VATICAN CITY -- Scores of American seminarians waved, cheered and flew the Stars and Stripes on the roof of the North American College as the helicopter of Pope Benedict XVI flew over them on his final journey as supreme pontiff.
Church bells pealed throughout Rome on the historic occasion, marking the first abdication of a pope in six centuries. At 5 p.m., a golden dusk was setting in on St. Peter's Basilica, far below the seminary atop Rome's Janiculum Hill.
Bishop David Zubik of Pittsburgh, who watched with the Pittsburgh seminarians he had come to Rome to visit, had tears in his eyes.
"It gives me a lump in the throat to hear all the bells ringing and all the people cheering. What a great affirmation of a great leader," he said.
The seminarians had waited eagerly with flags and cameras, knowing that the school was on the normal flight path to Castel Gandolfo, the papal summer residence.
His Holiness Benedict XVI, pontiff emeritus, will stay there until a monastic residence is prepared in the Vatican. Cardinal Timothy Dolan of New York, a former rector of the North American College who is often mentioned as a papal contender, joined the students on the rooftop.
They were at first disappointed when the white papal helicopter veered away from the school. But they began to cheer and wave as it circled back, heading directly for them. It flew low enough that they were certain that Pope Benedict could see them.
Some held a large sign that read: "We'll miss you."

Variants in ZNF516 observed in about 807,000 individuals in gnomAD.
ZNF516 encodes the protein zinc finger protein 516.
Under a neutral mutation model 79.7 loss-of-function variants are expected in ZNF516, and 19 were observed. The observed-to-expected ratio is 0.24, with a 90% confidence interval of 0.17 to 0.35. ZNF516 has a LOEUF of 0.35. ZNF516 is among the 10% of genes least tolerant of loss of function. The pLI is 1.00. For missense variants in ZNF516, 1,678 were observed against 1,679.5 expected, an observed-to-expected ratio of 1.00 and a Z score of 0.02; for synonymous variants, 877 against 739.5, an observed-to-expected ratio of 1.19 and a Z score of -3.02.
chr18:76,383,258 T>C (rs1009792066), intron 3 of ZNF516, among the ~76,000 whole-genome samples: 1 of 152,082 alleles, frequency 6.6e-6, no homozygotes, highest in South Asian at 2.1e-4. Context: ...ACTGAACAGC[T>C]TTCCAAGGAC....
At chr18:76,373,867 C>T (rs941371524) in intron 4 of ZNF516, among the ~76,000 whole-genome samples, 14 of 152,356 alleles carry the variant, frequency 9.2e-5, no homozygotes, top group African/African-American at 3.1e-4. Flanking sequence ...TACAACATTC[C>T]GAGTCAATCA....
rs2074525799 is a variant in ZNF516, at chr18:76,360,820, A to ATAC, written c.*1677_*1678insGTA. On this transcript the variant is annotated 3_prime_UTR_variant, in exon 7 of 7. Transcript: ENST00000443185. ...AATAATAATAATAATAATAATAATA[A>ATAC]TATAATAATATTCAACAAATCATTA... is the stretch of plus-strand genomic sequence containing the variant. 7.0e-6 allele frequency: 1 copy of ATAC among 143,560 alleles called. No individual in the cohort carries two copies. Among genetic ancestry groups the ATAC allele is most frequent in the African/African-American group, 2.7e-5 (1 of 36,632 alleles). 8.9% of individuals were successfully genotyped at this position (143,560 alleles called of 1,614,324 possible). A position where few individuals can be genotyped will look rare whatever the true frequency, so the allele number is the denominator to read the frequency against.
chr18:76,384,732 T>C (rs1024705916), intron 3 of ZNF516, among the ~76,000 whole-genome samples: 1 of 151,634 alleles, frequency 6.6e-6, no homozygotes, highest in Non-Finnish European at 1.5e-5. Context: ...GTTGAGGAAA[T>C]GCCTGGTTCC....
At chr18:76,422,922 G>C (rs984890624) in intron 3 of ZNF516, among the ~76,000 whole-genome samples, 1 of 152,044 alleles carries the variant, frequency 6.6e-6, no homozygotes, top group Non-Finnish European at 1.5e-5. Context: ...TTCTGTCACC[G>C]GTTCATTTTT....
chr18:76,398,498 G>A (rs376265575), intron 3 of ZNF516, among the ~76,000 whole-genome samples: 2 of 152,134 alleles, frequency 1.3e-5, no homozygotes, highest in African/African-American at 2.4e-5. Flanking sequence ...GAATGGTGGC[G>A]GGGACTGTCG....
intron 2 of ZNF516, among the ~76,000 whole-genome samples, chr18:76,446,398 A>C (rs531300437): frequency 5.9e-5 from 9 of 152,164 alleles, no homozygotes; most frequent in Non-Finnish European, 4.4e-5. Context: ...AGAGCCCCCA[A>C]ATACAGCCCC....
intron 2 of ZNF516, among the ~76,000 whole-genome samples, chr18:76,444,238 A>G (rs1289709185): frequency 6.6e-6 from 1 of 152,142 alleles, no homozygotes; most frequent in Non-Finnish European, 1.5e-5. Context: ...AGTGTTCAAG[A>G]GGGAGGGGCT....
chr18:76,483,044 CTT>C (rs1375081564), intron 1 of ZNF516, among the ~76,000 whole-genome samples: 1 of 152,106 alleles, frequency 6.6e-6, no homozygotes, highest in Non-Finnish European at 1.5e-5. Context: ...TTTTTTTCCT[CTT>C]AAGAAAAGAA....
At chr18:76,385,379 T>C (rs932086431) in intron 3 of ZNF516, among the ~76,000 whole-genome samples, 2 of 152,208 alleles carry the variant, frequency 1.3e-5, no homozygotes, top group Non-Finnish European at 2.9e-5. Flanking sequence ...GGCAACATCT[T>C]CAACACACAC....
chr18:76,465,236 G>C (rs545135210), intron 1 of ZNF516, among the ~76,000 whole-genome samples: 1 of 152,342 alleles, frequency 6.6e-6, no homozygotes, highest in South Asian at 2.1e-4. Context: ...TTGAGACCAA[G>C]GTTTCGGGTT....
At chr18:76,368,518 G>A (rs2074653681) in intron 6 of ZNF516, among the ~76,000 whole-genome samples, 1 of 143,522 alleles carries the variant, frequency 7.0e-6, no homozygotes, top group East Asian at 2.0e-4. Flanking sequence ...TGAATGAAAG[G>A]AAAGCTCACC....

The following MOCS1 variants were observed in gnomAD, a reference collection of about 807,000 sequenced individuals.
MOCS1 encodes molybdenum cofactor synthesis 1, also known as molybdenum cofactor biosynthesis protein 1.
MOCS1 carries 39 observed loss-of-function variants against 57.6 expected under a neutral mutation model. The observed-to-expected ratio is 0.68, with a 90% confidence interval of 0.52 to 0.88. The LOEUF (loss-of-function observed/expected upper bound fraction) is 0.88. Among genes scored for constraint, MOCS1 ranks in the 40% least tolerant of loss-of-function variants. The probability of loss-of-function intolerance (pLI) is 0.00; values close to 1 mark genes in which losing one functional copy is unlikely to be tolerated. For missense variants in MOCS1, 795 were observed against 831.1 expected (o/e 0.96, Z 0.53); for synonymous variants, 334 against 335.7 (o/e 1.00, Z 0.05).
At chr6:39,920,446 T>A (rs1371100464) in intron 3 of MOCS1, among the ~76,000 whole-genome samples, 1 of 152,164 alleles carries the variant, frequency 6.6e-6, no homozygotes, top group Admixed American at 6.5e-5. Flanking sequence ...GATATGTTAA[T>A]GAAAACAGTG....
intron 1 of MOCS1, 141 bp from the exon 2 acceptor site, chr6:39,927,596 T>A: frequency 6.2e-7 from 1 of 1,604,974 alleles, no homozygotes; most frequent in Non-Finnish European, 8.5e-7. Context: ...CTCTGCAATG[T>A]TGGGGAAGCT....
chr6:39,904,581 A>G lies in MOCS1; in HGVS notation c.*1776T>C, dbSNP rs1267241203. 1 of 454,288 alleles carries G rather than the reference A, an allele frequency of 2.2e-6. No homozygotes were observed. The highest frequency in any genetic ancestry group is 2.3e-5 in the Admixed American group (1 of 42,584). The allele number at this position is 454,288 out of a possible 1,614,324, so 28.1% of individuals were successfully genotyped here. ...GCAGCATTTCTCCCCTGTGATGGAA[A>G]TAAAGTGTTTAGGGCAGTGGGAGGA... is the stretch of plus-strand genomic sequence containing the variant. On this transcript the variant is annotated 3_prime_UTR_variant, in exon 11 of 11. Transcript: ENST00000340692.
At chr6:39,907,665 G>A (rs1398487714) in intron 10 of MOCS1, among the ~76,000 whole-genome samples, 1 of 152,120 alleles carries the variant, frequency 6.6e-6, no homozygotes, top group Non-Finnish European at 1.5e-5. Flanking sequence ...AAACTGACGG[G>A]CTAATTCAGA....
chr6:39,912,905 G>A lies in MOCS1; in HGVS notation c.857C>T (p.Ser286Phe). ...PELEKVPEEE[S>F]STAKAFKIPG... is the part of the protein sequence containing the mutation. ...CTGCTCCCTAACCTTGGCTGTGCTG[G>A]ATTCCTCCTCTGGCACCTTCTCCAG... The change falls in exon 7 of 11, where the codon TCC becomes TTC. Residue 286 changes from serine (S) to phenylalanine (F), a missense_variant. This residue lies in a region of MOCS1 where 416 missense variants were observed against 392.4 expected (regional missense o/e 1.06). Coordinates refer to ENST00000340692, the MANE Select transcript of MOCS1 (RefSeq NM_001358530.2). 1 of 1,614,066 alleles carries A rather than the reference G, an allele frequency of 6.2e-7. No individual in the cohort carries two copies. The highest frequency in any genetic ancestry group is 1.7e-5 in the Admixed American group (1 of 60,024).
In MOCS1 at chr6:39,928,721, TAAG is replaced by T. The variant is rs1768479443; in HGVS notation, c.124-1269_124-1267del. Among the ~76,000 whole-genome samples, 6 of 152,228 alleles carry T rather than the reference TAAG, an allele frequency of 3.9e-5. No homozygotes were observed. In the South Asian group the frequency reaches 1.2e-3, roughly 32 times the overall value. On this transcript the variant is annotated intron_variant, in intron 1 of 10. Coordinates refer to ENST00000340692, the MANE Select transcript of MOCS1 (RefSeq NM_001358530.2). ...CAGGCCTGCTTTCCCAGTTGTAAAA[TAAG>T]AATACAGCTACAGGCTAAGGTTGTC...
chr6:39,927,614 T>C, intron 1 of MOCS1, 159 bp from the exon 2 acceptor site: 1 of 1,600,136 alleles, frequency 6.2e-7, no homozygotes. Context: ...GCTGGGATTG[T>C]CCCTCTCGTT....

"He's had such an important role as our shepherd. It's a blessing to be here and uphold him in prayer," said Tom Schluep, a third-year student from Pittsburgh. "He will be able to do so many good things in prayer now for the church."
The Rev. Michael Sedor, a Pittsburgh priest finishing his studies in Rome, called it "a happy goodbye" compared to the sadness of the death of Pope John Paul II.
"There's happiness that Pope Benedict will get to do what he always wanted to do, go off and pray. I'm happy the burden has been lifted from him," he said.
Adam Potter, a seminarian from St. Bernard in Mt. Lebanon, said he felt "utter respect for a man who has given everything he has for the church."
Michael Conway, a seminarian from St. Norbert in Overbrook, who considered Pope Benedict XVI part of his inspiration to pursue priesthood, said the promise of the pontiff emeritus to pray for the church meant that their relationship would live on.
Referring to his classmates on the roof he said, "He is definitely going to be praying for us because there is no way he missed seeing us. ... We aren't losing him. We still have him."mobilehome - nation - neigh_city
First Published March 1, 2013 5:00 AM